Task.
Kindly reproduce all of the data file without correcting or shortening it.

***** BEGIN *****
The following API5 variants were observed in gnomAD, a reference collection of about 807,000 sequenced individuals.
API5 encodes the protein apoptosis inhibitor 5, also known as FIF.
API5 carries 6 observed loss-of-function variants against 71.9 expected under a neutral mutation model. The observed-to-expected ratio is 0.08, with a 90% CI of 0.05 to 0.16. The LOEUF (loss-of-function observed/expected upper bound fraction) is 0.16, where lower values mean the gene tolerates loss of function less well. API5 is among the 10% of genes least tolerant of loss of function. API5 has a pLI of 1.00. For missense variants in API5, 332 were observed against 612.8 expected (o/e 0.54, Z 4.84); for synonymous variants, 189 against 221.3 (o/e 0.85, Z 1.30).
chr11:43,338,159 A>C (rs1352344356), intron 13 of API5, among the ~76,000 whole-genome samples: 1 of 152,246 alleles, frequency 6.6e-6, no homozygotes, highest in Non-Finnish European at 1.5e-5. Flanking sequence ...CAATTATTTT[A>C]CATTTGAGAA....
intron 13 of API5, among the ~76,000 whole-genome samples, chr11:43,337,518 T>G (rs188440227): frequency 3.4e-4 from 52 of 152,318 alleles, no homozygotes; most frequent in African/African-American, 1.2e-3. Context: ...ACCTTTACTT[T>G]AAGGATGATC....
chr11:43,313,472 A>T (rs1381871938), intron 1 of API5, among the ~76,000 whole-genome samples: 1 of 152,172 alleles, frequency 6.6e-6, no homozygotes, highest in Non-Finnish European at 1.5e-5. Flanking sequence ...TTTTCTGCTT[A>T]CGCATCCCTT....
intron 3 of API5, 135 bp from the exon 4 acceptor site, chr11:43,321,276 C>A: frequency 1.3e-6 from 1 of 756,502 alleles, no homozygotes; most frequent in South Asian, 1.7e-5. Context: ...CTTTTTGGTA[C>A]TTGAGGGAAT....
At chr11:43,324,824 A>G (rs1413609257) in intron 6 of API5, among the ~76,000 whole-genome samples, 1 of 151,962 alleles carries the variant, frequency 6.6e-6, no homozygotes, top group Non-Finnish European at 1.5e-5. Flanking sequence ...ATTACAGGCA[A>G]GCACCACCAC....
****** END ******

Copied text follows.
The following API5 variants were observed in gnomAD, a reference collection of about 807,000 sequenced individuals.
API5 encodes the protein apoptosis inhibitor 5, also known as FIF.
API5 carries 6 observed loss-of-function variants against 71.9 expected under a neutral mutation model. The observed-to-expected ratio is 0.08, with a 90% CI of 0.05 to 0.16. The LOEUF (loss-of-function observed/expected upper bound fraction) is 0.16, where lower values mean the gene tolerates loss of function less well. API5 is among the 10% of genes least tolerant of loss of function. API5 has a pLI of 1.00. For missense variants in API5, 332 were observed against 612.8 expected (o/e 0.54, Z 4.84); for synonymous variants, 189 against 221.3 (o/e 0.85, Z 1.30).
chr11:43,338,159 A>C (rs1352344356), intron 13 of API5, among the ~76,000 whole-genome samples: 1 of 152,246 alleles, frequency 6.6e-6, no homozygotes, highest in Non-Finnish European at 1.5e-5. Flanking sequence ...CAATTATTTT[A>C]CATTTGAGAA....
intron 13 of API5, among the ~76,000 whole-genome samples, chr11:43,337,518 T>G (rs188440227): frequency 3.4e-4 from 52 of 152,318 alleles, no homozygotes; most frequent in African/African-American, 1.2e-3. Context: ...ACCTTTACTT[T>G]AAGGATGATC....
chr11:43,313,472 A>T (rs1381871938), intron 1 of API5, among the ~76,000 whole-genome samples: 1 of 152,172 alleles, frequency 6.6e-6, no homozygotes, highest in Non-Finnish European at 1.5e-5. Flanking sequence ...TTTTCTGCTT[A>T]CGCATCCCTT....
intron 3 of API5, 135 bp from the exon 4 acceptor site, chr11:43,321,276 C>A: frequency 1.3e-6 from 1 of 756,502 alleles, no homozygotes; most frequent in South Asian, 1.7e-5. Context: ...CTTTTTGGTA[C>A]TTGAGGGAAT....
At chr11:43,324,824 A>G (rs1413609257) in intron 6 of API5, among the ~76,000 whole-genome samples, 1 of 151,962 alleles carries the variant, frequency 6.6e-6, no homozygotes, top group Non-Finnish European at 1.5e-5. Flanking sequence ...ATTACAGGCA[A>G]GCACCACCAC....